STATE COLLEGE, Pa. (AP) — Quarterback Sean Clifford used to run a lot, but that’s not really part of Penn State’s game plan these days.
At this point in the season, with three games left, the No. 23 Nittany Lions aren’t worried about trying to kickstart a stagnant running game by giving their quarterback more carries. They’re content to rely on his arm and star wideout Jahan Dotson.
They’re not going to change against No. 9 Michigan (8-1, 5-1 Big Ten, No. 6 CFP) on Saturday when both teams begin their final stretch runs at Beaver Stadium. For the Wolverines, that could include a shot at the Big Ten championship. Although Penn State’s title aspirations evaporated after an 0-3 stretch last month, the Nittany Lions (6-3, 3-3) want to finish strong, too.
Generating some attention for their best player would be a nice bonus.
“Jahan for Heisman,” teammate John Lovett said after Wednesday’s practice.
Dotson and the rest of Penn State’s receiving corps have helped move the chains all season despite of one of the country’s worst rushing games. The Wolverines, on paper, appear to be their biggest test yet. They’re second in the Big Ten and eighth nationally in passing defense, allowing just 184 yards per game.
While Clifford has run for just 128 yards after combining for more than 700 in his first two seasons, he’s going through his reads more and found additional weapons in the passing game.
“I feel extremely confident in the pocket right now, getting a lot of protection, guys are getting open downfield,” Clifford said. “I’ve also grown up a little bit and I’ve understood that standing in the pocket and waiting that extra maybe half second or two, there’s going to be guys coming open.”
Dotson is coming off a program record of 242 yards receiving against Maryland. He’ll be flanked by Parker Washington and KeAndre Lambert-Smith, who’ve also made plays in recent weeks. Washington’s done work in short yardage situations while Lambert-Smith is getting downfield at 15.5 yards per catch.
“I do think when people study us, it’s not a one-man show,” Franklin said. “I feel like they respect those guys on the field and obviously Parker has shown some flashes and KeAndre is almost there. And we need him.”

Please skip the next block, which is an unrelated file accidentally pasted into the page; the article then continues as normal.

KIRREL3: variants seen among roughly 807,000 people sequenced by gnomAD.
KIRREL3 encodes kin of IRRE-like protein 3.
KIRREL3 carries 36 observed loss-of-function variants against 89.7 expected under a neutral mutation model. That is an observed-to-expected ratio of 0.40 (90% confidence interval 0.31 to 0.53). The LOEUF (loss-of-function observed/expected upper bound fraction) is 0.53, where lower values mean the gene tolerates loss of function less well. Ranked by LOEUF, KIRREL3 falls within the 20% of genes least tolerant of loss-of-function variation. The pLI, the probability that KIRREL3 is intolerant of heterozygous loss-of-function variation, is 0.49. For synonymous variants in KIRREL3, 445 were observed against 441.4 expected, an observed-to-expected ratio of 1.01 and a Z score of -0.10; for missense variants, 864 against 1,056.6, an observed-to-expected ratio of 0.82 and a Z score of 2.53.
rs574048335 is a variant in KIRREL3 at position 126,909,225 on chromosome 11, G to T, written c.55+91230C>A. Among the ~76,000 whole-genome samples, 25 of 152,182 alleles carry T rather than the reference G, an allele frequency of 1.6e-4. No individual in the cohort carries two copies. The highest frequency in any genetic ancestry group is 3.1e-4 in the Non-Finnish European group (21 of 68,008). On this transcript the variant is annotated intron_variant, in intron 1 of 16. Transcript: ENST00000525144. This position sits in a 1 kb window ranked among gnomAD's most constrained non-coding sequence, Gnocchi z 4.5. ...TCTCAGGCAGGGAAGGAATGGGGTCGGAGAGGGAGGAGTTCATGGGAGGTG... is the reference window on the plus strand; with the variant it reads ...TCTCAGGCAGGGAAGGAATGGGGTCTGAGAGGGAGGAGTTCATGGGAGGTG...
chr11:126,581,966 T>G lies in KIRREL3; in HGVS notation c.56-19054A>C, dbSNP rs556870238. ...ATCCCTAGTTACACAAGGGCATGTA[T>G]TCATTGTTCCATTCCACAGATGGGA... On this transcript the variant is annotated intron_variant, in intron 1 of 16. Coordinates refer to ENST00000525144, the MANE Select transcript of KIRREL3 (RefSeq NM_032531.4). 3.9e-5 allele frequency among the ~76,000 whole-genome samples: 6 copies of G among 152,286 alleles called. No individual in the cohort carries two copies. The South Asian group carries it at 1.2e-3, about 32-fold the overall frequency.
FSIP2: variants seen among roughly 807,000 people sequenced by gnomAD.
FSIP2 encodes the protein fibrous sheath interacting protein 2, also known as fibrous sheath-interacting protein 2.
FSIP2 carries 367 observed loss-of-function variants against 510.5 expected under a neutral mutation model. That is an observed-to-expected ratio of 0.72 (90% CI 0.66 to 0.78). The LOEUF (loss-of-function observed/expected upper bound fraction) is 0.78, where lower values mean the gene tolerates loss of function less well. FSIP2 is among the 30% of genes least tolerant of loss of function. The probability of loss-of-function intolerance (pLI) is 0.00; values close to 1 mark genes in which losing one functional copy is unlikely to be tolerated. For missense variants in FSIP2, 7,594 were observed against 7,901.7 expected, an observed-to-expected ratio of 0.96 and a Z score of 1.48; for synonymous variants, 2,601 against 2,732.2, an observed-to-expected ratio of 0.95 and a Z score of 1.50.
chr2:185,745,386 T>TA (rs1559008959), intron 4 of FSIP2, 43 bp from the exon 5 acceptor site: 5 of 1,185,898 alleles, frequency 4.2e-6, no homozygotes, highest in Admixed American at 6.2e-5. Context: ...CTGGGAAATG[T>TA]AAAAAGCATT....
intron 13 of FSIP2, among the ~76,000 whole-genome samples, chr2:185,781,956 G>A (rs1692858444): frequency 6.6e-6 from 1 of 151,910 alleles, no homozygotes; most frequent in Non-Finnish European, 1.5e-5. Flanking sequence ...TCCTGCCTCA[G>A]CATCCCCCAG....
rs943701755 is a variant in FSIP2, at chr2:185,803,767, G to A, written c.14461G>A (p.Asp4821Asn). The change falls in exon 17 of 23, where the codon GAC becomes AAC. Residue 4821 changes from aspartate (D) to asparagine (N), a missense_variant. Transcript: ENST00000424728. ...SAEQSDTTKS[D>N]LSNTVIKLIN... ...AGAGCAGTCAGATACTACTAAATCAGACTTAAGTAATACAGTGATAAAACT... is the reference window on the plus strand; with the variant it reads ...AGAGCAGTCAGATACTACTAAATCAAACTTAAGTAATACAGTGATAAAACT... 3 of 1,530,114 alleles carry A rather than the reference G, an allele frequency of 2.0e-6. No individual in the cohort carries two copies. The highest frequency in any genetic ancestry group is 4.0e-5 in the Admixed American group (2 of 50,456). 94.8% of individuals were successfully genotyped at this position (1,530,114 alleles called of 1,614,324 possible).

STOP THE RUN
Penn State defenders know if they don’t slow the Wolverines’ top-ranked rushing offense, it could be a long afternoon.
Michigan is averaging 240 yards per game, best in the conference and seventh in the country. Led by Hassan Haskins, the Wolverines also like the hand the ball to Blake Corum. The two have already combined for 1,607 yards and 21 touchdowns on 295 carries.
However, Corum missed much of last week’s game with an undisclosed injury.
Michigan coach Jim Harbaugh will turn to Tavi Dunlap, Leon Franklin, Danny Hughes or Isaiah Gash to pick up carries if Corum can’t go.
“Those guys that have been preparing, they’ve been working all season, and now comes their opportunity,” Harbaugh said.
Michigan quarterback Cade McNamara has been playing through an undisclosed ailment. Tight end Erick All is also banged up and missed last week’s game.
“Pain threshold,” Harbaugh said. “Some have it. Some have a very high pain threshold. It’s a very good quality. I know a real football player prides himself on it.”
The Wolverines have tried to embrace the energy of the crowd on the road, flipping the noise fans make in their favor.
“I’d say don’t fight against it, you go with it,” Harbaugh said. “Enjoy that stage. Enjoy that opportunity. Personally, I like to pretend they’re cheering for me when I was a player. I think I see our players taking that same mindset. Their music is our music.”
END THE DROUGHT?
Michigan has a chance to potentially win its first Big Ten title since 2004 and end its longest drought without a championship. But the schedule won’t be easy.
After playing Penn State on the road, the Wolverines play at Maryland and host rival and sixth-ranked Ohio State. The Buckeyes have won a school-record eight straight and 15 of the last 16 games against the Wolverines.
“The last stretch is the most important three games,” guard Trevor Keegan said.